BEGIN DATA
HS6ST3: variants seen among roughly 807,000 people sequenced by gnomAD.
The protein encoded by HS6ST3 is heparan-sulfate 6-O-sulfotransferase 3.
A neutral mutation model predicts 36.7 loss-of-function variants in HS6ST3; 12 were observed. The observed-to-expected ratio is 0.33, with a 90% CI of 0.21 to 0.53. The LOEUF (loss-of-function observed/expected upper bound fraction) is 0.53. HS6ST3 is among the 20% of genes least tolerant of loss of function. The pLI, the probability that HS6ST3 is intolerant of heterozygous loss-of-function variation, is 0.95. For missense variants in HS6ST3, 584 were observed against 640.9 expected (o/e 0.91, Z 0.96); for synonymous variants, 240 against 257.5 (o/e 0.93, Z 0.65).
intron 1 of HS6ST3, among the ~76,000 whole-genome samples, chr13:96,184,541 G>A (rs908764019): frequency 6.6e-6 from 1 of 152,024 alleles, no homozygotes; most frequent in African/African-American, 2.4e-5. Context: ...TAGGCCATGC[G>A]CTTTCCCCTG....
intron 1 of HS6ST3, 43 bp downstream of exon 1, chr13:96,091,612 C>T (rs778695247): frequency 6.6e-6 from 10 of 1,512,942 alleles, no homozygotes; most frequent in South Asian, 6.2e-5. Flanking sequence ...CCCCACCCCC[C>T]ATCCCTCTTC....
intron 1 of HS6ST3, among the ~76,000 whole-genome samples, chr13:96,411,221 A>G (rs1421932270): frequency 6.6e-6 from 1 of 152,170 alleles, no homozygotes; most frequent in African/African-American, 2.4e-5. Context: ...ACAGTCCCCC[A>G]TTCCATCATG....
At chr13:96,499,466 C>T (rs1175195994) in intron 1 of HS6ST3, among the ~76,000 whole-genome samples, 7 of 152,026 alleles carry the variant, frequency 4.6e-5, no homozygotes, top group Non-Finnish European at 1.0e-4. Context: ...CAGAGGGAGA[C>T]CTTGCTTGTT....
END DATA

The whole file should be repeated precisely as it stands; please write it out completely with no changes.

HS6ST3: variants seen among roughly 807,000 people sequenced by gnomAD.
The protein encoded by HS6ST3 is heparan-sulfate 6-O-sulfotransferase 3.
A neutral mutation model predicts 36.7 loss-of-function variants in HS6ST3; 12 were observed. The observed-to-expected ratio is 0.33, with a 90% CI of 0.21 to 0.53. The LOEUF (loss-of-function observed/expected upper bound fraction) is 0.53. HS6ST3 is among the 20% of genes least tolerant of loss of function. The pLI, the probability that HS6ST3 is intolerant of heterozygous loss-of-function variation, is 0.95. For missense variants in HS6ST3, 584 were observed against 640.9 expected (o/e 0.91, Z 0.96); for synonymous variants, 240 against 257.5 (o/e 0.93, Z 0.65).
intron 1 of HS6ST3, among the ~76,000 whole-genome samples, chr13:96,184,541 G>A (rs908764019): frequency 6.6e-6 from 1 of 152,024 alleles, no homozygotes; most frequent in African/African-American, 2.4e-5. Context: ...TAGGCCATGC[G>A]CTTTCCCCTG....
intron 1 of HS6ST3, 43 bp downstream of exon 1, chr13:96,091,612 C>T (rs778695247): frequency 6.6e-6 from 10 of 1,512,942 alleles, no homozygotes; most frequent in South Asian, 6.2e-5. Flanking sequence ...CCCCACCCCC[C>T]ATCCCTCTTC....
intron 1 of HS6ST3, among the ~76,000 whole-genome samples, chr13:96,411,221 A>G (rs1421932270): frequency 6.6e-6 from 1 of 152,170 alleles, no homozygotes; most frequent in African/African-American, 2.4e-5. Context: ...ACAGTCCCCC[A>G]TTCCATCATG....
At chr13:96,499,466 C>T (rs1175195994) in intron 1 of HS6ST3, among the ~76,000 whole-genome samples, 7 of 152,026 alleles carry the variant, frequency 4.6e-5, no homozygotes, top group Non-Finnish European at 1.0e-4. Context: ...CAGAGGGAGA[C>T]CTTGCTTGTT....